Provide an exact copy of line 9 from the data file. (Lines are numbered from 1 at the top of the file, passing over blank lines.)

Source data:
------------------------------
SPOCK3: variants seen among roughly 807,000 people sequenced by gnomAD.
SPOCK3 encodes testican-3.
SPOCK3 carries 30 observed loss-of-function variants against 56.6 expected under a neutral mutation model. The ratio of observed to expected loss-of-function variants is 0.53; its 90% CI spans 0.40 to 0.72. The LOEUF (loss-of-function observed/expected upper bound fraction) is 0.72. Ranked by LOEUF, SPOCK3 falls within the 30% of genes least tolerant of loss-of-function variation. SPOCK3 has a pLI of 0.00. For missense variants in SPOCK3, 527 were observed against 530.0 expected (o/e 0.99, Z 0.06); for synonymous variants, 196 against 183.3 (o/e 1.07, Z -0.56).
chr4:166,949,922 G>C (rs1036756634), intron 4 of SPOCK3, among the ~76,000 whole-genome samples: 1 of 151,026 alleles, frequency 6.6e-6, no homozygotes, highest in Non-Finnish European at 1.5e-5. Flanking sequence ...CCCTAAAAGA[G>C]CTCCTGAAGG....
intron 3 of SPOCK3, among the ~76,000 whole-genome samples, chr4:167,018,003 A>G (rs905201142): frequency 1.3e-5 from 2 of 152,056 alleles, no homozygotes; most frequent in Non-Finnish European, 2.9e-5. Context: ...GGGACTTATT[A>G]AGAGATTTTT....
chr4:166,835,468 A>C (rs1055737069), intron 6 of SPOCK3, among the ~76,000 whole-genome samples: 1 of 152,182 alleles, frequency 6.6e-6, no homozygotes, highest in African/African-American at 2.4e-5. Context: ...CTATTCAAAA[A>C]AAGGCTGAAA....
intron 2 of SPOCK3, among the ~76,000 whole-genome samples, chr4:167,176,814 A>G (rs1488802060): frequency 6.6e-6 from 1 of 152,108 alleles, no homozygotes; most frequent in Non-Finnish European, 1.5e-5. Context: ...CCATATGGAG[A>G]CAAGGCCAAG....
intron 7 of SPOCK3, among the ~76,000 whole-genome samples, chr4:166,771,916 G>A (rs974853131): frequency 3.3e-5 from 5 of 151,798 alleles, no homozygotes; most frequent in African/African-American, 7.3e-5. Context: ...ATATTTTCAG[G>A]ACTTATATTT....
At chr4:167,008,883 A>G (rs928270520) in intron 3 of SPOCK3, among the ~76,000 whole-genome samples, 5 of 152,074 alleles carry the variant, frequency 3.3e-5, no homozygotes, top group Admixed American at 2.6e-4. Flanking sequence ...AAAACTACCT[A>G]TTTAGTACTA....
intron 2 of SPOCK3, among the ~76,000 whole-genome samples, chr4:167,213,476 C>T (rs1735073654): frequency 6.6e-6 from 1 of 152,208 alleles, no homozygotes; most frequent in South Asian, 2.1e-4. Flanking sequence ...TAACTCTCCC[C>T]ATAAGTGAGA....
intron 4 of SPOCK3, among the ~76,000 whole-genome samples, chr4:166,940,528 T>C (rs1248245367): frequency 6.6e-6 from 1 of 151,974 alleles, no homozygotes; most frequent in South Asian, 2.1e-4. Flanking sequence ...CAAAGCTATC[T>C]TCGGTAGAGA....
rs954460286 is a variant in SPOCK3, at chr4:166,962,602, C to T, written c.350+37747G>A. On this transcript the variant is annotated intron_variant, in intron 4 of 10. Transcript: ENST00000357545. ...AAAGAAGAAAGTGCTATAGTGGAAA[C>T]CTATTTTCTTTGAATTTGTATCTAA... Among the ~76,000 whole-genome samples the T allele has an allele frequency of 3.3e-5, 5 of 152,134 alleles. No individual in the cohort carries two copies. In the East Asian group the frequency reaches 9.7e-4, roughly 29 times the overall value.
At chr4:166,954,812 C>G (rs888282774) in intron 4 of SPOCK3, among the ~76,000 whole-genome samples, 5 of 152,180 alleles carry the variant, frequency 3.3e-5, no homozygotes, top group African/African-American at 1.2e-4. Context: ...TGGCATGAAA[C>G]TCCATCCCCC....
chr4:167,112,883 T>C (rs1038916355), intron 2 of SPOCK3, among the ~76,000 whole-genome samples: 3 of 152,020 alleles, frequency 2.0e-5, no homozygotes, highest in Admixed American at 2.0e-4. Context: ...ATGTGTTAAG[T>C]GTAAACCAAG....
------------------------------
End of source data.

At chr4:167,008,883 A>G (rs928270520) in intron 3 of SPOCK3, among the ~76,000 whole-genome samples, 5 of 152,074 alleles carry the variant, frequency 3.3e-5, no homozygotes, top group Admixed American at 2.6e-4. Flanking sequence ...AAAACTACCT[A>G]TTTAGTACTA....